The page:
Exemption for EVs carried on ro-ros and car carriers

At present, SP 961 excludes EVs carried on ro-ros and car carriers from the requirements under UN 3171. Because of this, carriers do not generally have a list of all EVs on board or their respective locations. Revoking this exemption would allow carriers to plan stowage locations and the monitoring of EVs during the voyage in detail, with a view to developing early detection, evacuation and/or firefighting procedures.

Mandatory markings for EVs

At present, there is no requirement for EVs to be identified either during consignment procedures or by external markings on the vehicle. Mandatory marking would assist stowage and emergency response.

Preventing short circuits

Batteries are required to be packaged in such a way as to prevent short circuit, but there is no explicit requirement as to how this may be achieved, such as by covering the terminals.

State of Charge (SOC)

When shipping Li-ion batteries by air, IATA regulations specify a maximum SOC of 30% of their rated capacity. No such SOC criteria are currently in place for transportation by sea or other surface modes. It should be noted that EVs, for example, are increasingly being transported internationally by rail.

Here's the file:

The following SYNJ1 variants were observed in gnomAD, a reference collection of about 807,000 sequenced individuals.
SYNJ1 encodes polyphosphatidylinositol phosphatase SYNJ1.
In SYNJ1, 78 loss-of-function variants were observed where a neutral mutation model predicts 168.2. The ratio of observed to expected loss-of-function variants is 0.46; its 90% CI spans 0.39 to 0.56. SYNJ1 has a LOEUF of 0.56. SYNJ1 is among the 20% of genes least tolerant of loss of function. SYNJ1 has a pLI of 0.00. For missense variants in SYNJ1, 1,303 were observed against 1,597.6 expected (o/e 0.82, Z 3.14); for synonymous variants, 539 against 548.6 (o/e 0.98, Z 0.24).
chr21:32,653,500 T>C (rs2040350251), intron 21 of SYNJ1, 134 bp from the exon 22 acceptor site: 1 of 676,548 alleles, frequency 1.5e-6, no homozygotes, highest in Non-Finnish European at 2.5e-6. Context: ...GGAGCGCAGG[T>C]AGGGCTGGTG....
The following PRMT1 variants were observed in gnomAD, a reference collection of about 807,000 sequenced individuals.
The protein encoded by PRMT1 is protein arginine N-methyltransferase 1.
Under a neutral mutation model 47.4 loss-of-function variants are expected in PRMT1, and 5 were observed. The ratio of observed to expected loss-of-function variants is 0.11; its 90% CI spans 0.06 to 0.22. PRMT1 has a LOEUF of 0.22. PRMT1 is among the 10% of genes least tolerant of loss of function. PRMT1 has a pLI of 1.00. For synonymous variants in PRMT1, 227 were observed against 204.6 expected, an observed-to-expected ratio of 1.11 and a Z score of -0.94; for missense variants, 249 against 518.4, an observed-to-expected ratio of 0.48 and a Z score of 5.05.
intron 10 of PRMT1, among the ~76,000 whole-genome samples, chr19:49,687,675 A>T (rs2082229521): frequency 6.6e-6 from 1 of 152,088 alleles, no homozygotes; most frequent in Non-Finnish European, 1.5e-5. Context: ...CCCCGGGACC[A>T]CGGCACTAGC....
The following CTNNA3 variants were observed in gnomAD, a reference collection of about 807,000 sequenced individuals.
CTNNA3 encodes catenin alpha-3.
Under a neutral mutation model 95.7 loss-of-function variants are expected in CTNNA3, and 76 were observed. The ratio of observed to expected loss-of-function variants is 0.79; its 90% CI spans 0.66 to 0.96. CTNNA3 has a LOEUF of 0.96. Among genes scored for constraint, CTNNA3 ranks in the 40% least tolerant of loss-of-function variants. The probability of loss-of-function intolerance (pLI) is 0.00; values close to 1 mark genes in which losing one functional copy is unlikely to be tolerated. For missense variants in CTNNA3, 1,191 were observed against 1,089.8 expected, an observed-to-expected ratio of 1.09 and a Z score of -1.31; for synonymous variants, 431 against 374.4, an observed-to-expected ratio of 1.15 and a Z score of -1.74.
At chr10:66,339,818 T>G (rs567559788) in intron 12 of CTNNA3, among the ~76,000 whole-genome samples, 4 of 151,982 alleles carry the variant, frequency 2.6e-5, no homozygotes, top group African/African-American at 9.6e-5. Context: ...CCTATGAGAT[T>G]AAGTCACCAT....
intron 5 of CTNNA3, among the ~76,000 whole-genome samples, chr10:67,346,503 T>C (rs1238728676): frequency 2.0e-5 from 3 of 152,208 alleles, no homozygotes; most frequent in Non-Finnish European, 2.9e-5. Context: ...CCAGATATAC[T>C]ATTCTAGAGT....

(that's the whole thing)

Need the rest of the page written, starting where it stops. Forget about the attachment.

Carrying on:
Battery condition on loading

Current regulations do not take into consideration that a significant proportion of batteries are transported immediately after having been used or charged, as is the case for EVs having been driven onto a ro-ro or car carrier. Enhanced risk detection procedures may include checks before loading on SOC and battery condition/temperature.

Damaged or defective batteries

Regardless of ‘end of life’ management, batteries that are known by the consignor to be damaged or defective clearly can no longer conform to their design safety testing. Such consignments therefore may present unforeseeable levels of risk. Current regulations contain stringent packing requirements for shipments that are considered high risk, but do not specify how such high-risk shipments are identified and differentiated from ‘low-risk’ damaged or defective batteries.

The issues are global and impact everyone involved with Li-ion batteries; they need urgent cross-industry engagement.


If you would like further information, or have any comments, please email us, or take this opportunity to forward to any others who you may feel would be interested.

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Peregrine Storrs-Fox

Risk Management Director